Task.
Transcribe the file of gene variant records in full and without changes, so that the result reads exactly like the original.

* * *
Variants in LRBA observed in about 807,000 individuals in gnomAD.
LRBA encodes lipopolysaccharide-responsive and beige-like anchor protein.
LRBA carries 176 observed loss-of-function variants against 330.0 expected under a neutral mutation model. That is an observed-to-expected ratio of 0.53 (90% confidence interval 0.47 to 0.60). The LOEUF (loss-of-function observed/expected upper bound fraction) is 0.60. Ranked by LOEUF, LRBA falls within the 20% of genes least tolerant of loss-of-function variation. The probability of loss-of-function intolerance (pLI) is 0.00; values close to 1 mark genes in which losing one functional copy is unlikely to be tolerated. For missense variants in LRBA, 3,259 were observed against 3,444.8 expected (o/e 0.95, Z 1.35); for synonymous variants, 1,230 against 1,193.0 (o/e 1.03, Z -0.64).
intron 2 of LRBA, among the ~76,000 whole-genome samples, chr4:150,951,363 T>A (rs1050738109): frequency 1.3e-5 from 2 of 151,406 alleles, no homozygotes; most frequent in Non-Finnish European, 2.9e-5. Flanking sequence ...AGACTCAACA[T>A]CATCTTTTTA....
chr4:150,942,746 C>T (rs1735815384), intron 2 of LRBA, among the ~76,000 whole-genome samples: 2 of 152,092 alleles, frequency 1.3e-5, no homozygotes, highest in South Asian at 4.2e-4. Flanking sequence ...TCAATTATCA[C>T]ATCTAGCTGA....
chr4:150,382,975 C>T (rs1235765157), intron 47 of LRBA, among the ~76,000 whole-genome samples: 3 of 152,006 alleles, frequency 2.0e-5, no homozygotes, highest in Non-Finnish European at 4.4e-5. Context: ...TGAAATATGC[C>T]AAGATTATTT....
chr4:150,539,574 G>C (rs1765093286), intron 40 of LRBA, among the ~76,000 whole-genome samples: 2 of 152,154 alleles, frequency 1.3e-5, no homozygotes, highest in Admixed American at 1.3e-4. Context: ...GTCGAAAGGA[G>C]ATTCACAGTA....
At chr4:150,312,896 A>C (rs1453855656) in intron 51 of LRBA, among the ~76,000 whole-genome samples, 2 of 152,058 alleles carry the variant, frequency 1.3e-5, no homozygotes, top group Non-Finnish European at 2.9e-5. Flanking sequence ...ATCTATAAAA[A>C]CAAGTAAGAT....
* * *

Variants in LRBA observed in about 807,000 individuals in gnomAD.
LRBA encodes lipopolysaccharide-responsive and beige-like anchor protein.
LRBA carries 176 observed loss-of-function variants against 330.0 expected under a neutral mutation model. That is an observed-to-expected ratio of 0.53 (90% confidence interval 0.47 to 0.60). The LOEUF (loss-of-function observed/expected upper bound fraction) is 0.60. Ranked by LOEUF, LRBA falls within the 20% of genes least tolerant of loss-of-function variation. The probability of loss-of-function intolerance (pLI) is 0.00; values close to 1 mark genes in which losing one functional copy is unlikely to be tolerated. For missense variants in LRBA, 3,259 were observed against 3,444.8 expected (o/e 0.95, Z 1.35); for synonymous variants, 1,230 against 1,193.0 (o/e 1.03, Z -0.64).
intron 2 of LRBA, among the ~76,000 whole-genome samples, chr4:150,951,363 T>A (rs1050738109): frequency 1.3e-5 from 2 of 151,406 alleles, no homozygotes; most frequent in Non-Finnish European, 2.9e-5. Flanking sequence ...AGACTCAACA[T>A]CATCTTTTTA....
chr4:150,942,746 C>T (rs1735815384), intron 2 of LRBA, among the ~76,000 whole-genome samples: 2 of 152,092 alleles, frequency 1.3e-5, no homozygotes, highest in South Asian at 4.2e-4. Flanking sequence ...TCAATTATCA[C>T]ATCTAGCTGA....
chr4:150,382,975 C>T (rs1235765157), intron 47 of LRBA, among the ~76,000 whole-genome samples: 3 of 152,006 alleles, frequency 2.0e-5, no homozygotes, highest in Non-Finnish European at 4.4e-5. Context: ...TGAAATATGC[C>T]AAGATTATTT....
chr4:150,539,574 G>C (rs1765093286), intron 40 of LRBA, among the ~76,000 whole-genome samples: 2 of 152,154 alleles, frequency 1.3e-5, no homozygotes, highest in Admixed American at 1.3e-4. Context: ...GTCGAAAGGA[G>C]ATTCACAGTA....
At chr4:150,312,896 A>C (rs1453855656) in intron 51 of LRBA, among the ~76,000 whole-genome samples, 2 of 152,058 alleles carry the variant, frequency 1.3e-5, no homozygotes, top group Non-Finnish European at 2.9e-5. Flanking sequence ...ATCTATAAAA[A>C]CAAGTAAGAT....